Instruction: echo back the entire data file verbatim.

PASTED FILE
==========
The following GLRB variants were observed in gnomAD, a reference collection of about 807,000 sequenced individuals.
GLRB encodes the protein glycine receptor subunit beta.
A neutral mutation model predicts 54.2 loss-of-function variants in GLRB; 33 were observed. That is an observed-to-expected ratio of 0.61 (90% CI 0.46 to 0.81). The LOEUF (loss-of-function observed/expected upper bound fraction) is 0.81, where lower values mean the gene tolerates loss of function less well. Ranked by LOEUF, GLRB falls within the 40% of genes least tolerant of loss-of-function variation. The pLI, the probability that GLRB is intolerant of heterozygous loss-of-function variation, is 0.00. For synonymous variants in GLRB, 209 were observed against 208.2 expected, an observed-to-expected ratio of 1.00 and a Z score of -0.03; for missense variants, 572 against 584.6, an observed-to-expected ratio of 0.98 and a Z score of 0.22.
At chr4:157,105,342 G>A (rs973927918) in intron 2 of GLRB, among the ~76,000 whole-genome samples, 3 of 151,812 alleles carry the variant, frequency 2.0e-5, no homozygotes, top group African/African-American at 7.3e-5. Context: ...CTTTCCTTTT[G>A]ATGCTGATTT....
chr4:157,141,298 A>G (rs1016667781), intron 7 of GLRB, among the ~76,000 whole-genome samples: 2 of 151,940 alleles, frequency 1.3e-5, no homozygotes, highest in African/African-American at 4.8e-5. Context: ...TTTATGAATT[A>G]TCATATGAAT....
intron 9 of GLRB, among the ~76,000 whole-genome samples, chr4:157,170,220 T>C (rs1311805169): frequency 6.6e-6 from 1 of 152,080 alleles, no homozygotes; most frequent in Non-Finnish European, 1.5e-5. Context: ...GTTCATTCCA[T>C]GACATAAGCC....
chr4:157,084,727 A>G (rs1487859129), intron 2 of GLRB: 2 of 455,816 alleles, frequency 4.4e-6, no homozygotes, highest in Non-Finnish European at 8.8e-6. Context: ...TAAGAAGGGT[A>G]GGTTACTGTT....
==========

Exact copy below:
The following GLRB variants were observed in gnomAD, a reference collection of about 807,000 sequenced individuals.
GLRB encodes the protein glycine receptor subunit beta.
A neutral mutation model predicts 54.2 loss-of-function variants in GLRB; 33 were observed. That is an observed-to-expected ratio of 0.61 (90% CI 0.46 to 0.81). The LOEUF (loss-of-function observed/expected upper bound fraction) is 0.81, where lower values mean the gene tolerates loss of function less well. Ranked by LOEUF, GLRB falls within the 40% of genes least tolerant of loss-of-function variation. The pLI, the probability that GLRB is intolerant of heterozygous loss-of-function variation, is 0.00. For synonymous variants in GLRB, 209 were observed against 208.2 expected, an observed-to-expected ratio of 1.00 and a Z score of -0.03; for missense variants, 572 against 584.6, an observed-to-expected ratio of 0.98 and a Z score of 0.22.
At chr4:157,105,342 G>A (rs973927918) in intron 2 of GLRB, among the ~76,000 whole-genome samples, 3 of 151,812 alleles carry the variant, frequency 2.0e-5, no homozygotes, top group African/African-American at 7.3e-5. Context: ...CTTTCCTTTT[G>A]ATGCTGATTT....
chr4:157,141,298 A>G (rs1016667781), intron 7 of GLRB, among the ~76,000 whole-genome samples: 2 of 151,940 alleles, frequency 1.3e-5, no homozygotes, highest in African/African-American at 4.8e-5. Context: ...TTTATGAATT[A>G]TCATATGAAT....
intron 9 of GLRB, among the ~76,000 whole-genome samples, chr4:157,170,220 T>C (rs1311805169): frequency 6.6e-6 from 1 of 152,080 alleles, no homozygotes; most frequent in Non-Finnish European, 1.5e-5. Context: ...GTTCATTCCA[T>C]GACATAAGCC....
chr4:157,084,727 A>G (rs1487859129), intron 2 of GLRB: 2 of 455,816 alleles, frequency 4.4e-6, no homozygotes, highest in Non-Finnish European at 8.8e-6. Context: ...TAAGAAGGGT[A>G]GGTTACTGTT....